The Knowsley collection reflects the political careers of the Earls of Derby. Edward George, the 14th Earl, was successively Irish Secretary (1830-33), Colonial Secretary (1833-34, 1841-44), and three times Prime Minister (1852, 1858-59, and 1866-68). His son, Edward Henry, 15th Earl, was Colonial Secretary and later Indian secretary in his father's administration of 1858-59.
LSE selected pamphlets, 1800-1899
The London School of Economics and Political Science has a substantial number of 19th century pamphlets. Among its pamphlets are comprehensive collections of political party materials, including election manifestos and political cartoons. There are also collections from pressure groups such as the Fabian Society, Imperial Federation Defence Committee, Poor Law Reform Association, Workhouse Visiting Society, Liberal and Property Defence League, and from cooperative movements such as the Cooperative Women's Guild.
Manchester selected pamphlets, 1799-1900
A broad sampling of pamphlets
Wilson Anti-Slavery collection, 1761-1900
A collection of 19th-century anti-slavery pamphlets received in 1923 from the executors of Henry Joseph Wilson (1833-1914), the distinguished Liberal Member of Parliament for Sheffield. The collection is of particular importance for the study of the activities of the provincial philanthropic societies, such as the Birmingham and Midland Freedmen's Aid Association, the Birmingham and West Bromwich Ladies' Negro's Friend Society, the Glasgow Emancipation Society, the Manchester Union and Emancipation Society, and the Sheffield Ladies Female Anti Slavery Society. Of interest is the prominent role of women in the movement, who formed themselves into societies which lobbied MPs and printed pamphlets on the conditions of slaves. Here we have details of what was sold at their bazaars to raise funds and lists of names of subscribers, the minutiae which bring alive the history of the movement.
These pamphlet collections are fully integrated into the JSTOR platform. They are fulltext-searchable, they may be viewed in PDF format, and each pamphlet is provided with a persistent URL for citation.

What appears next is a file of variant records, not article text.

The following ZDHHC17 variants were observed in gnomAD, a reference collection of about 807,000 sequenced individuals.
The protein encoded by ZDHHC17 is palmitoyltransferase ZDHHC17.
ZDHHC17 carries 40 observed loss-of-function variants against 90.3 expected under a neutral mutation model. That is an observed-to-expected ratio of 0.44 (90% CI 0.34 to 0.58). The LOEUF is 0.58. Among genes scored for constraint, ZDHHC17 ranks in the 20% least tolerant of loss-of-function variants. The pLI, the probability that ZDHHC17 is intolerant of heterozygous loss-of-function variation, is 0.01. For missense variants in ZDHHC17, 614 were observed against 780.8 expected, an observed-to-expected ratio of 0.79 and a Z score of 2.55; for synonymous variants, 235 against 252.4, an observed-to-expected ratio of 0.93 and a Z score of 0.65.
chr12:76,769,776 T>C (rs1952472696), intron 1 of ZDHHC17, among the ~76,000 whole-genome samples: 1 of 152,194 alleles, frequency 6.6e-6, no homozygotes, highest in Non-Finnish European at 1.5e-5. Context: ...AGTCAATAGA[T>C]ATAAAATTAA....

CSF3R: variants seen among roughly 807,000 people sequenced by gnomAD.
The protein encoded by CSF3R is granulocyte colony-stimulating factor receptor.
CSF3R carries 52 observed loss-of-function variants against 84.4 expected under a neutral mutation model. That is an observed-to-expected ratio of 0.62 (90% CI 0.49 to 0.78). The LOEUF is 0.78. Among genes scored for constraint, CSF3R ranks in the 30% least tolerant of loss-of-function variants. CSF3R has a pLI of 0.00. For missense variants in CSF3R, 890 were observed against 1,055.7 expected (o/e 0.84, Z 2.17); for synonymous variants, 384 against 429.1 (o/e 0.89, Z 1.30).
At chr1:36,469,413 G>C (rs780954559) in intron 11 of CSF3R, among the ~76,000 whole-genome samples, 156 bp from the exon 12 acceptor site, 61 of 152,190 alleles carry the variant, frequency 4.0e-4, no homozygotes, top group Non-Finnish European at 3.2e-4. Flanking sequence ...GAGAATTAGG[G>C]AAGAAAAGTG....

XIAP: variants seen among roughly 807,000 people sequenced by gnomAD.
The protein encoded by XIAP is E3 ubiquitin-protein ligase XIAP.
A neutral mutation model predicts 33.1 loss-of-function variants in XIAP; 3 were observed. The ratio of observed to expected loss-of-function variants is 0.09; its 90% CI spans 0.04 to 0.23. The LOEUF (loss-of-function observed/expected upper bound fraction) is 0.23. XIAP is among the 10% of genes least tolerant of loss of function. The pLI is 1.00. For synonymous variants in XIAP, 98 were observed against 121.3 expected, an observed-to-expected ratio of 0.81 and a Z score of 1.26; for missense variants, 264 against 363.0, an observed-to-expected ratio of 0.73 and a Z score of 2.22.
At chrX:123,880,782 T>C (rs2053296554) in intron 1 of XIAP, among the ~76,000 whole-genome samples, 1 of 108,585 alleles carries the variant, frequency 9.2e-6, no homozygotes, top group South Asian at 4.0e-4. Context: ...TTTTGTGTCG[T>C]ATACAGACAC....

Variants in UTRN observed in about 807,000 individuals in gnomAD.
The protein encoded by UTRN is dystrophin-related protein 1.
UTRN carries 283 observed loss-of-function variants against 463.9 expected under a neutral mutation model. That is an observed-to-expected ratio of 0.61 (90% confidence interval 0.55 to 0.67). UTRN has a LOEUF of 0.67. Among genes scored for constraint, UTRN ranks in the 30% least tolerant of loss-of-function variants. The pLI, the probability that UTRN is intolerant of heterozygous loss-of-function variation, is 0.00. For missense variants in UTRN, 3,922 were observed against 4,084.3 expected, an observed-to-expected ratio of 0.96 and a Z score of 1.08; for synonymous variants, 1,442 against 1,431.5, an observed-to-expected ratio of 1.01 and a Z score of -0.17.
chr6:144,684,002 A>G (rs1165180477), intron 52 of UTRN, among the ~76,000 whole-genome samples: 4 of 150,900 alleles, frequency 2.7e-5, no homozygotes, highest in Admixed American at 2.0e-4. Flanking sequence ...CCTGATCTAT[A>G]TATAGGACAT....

Complete cover-to-cover archive of LIFE Magazine from 1936 - 2000.
Published by Time Inc., the magazine has featured story-telling through documentary photographs and informative captions.Each issue visually and powerfully depicted national and international events and topical stories, providing intimate views of real people and their real life situations.
Articles and cover pages are fully indexed and advertisements are individually identified, ensuring researchers and readers can quickly and accurately locate the information they seek. Life Magazine Archive is valuable to researchers of 20th-Century current events, politics and culture, as well as those interested in the history of business, advertising, and popular culture.
Full-text/PDF access to the New York Times, from 1851 to four years ago via ProQuest.
This historical newspaper provides genealogists, researchers and scholars with online, easily-searchable first-hand accounts and unparalleled coverage of the politics, society and events of the time. The Historical New York Times with Index (1851-1993) provides search capability using subject terms and topics for focused and targeted results in combination with searchable full text, full page, and article-level images from the Historical New York Times.
Coverage: 1851-4 years ago
Digital full-text access to every issue of The Times (London) newspaper from 1785 through 2014, except for Sunday editions (which are available through the Sunday Times Digital Archive).
First published in 1785, The Times of London is widely considered to be the world's 'newspaper of record'. The Times Digital Archive allows users to search over 200 years of this invaluable historical source.
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Primary vs. Secondary Sources
It is not always easy to discern the difference between primary, secondary, and tertiary resources. The definition of "primary sources" varies across different fields of study. Ask your professor if you have any questions about what will be accepted as a primary source for a particular assignment.